The Dayton Daily News is highlighting the best work of 2016 with the year-ending Must Reads campaign.
State officials investigated Wright State University’s relationship with a high-priced consultant. The consultant later sued the university. It was only one high-stakes storyline to come out of WSU in 2016. The university also backed out of hosting the first presidential debate, citing fundraising problems.
Here's a look at the year of highs and lows at Wright State.
Wright State University has suspended payments to economic development consultant Ron Wine while state authorities investigate whether the school’s contract with Wine violated state lobbying laws.
In the past 12 months as Wright State University president, David Hopkins removed his provost and long-time general counsel, opened the books for a federal investigation into immigration visas and faced scrutiny over paying an outside consultant $1 million a year for economic development advice.
But he’s also had some unquestioned success, including helping secure perhaps the school’s biggest national accolade since its founding as an independent institution in 1967: being named the host university for the first presidential debate on Sept. 26.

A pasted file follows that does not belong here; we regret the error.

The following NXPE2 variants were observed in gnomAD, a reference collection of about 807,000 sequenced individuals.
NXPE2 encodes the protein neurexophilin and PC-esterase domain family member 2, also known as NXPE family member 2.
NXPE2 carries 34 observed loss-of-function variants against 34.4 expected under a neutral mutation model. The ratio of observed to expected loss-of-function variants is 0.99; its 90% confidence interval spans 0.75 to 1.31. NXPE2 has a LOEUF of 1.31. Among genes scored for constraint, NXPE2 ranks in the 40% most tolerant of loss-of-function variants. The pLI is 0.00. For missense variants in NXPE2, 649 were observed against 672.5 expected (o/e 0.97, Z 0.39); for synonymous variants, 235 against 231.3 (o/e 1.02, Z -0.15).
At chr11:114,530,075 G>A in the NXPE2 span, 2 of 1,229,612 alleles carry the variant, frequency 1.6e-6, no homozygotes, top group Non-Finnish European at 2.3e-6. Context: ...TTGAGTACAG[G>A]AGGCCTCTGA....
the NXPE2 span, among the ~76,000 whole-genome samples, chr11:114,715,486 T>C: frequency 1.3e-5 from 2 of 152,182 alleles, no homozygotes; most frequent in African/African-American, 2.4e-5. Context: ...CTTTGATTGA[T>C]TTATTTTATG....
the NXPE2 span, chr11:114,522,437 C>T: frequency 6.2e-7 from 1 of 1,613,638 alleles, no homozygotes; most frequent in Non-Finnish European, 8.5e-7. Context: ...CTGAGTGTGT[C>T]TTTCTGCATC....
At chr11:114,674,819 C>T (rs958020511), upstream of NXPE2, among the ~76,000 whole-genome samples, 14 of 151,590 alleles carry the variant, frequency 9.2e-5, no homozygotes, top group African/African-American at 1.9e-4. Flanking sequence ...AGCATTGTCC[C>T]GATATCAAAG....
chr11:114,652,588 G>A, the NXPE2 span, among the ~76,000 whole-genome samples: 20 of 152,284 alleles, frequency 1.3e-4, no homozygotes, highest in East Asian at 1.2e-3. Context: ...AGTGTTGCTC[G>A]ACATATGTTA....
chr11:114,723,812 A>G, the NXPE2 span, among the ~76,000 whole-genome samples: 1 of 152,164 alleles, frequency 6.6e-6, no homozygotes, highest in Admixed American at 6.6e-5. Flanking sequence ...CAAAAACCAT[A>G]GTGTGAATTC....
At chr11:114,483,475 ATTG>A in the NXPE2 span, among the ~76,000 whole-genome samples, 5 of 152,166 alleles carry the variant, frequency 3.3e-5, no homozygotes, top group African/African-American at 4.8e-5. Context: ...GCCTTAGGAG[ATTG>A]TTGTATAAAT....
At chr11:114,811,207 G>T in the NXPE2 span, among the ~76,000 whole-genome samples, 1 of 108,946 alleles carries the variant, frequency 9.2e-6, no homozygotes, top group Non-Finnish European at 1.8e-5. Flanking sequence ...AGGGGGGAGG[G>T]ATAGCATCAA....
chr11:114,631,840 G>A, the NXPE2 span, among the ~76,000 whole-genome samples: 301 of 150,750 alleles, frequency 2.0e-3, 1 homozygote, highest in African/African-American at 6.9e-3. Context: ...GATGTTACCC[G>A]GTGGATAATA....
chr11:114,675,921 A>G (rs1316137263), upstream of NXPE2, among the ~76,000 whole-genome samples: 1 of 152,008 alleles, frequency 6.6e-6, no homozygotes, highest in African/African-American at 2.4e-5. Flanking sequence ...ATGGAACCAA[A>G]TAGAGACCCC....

As Wright State University gained worldwide attention in 2008 for providing the stage where presidential hopeful John McCain introduced Sarah Palin as his running mate, WSU political science chair Donna Schlagheck had a bold idea.
Why couldn’t Wright State host a presidential debate?
The answer, it turns out, was that the university could try, but it wouldn’t be able to pull it off.
A former consultant for Wright State University who was the subject of a Dayton Daily News investigation into his contract with the university is suing the school for more than $4.5 million for compensation he says is still owed to him.
Wright State University has been recognized as one of the best four-year universities for veterans to attend.
Wright State ranked 125th on a list of best colleges in the Military Times, a publication for service members and their families. The Military Times surveyed more than 500 colleges for its annual ranking, according to WSU.
Wright State will not see much financial benefit from its recent layoffs until the end of 2017 because most people affected by cuts are still working at the university.
Of 23 positions being eliminated by WSU, 13 are unclassified salaried staffers who at a minimum have to be given at least two months’ notice before being laid off. The university is required to give a year’s notice to salaried employees who have worked 15 years or more.
Wright State University attorneys have responded to a pair of lawsuits brought by former consultant Ron Wine seeking $4.5 million that Wine claims he is owed by the school and its research arm for an informal deal he had with WSU administrators.
Another former Wright State University men’s tennis player has sued the school in federal court for allegedly violating his due process rights during an investigation into sexual misconduct claims.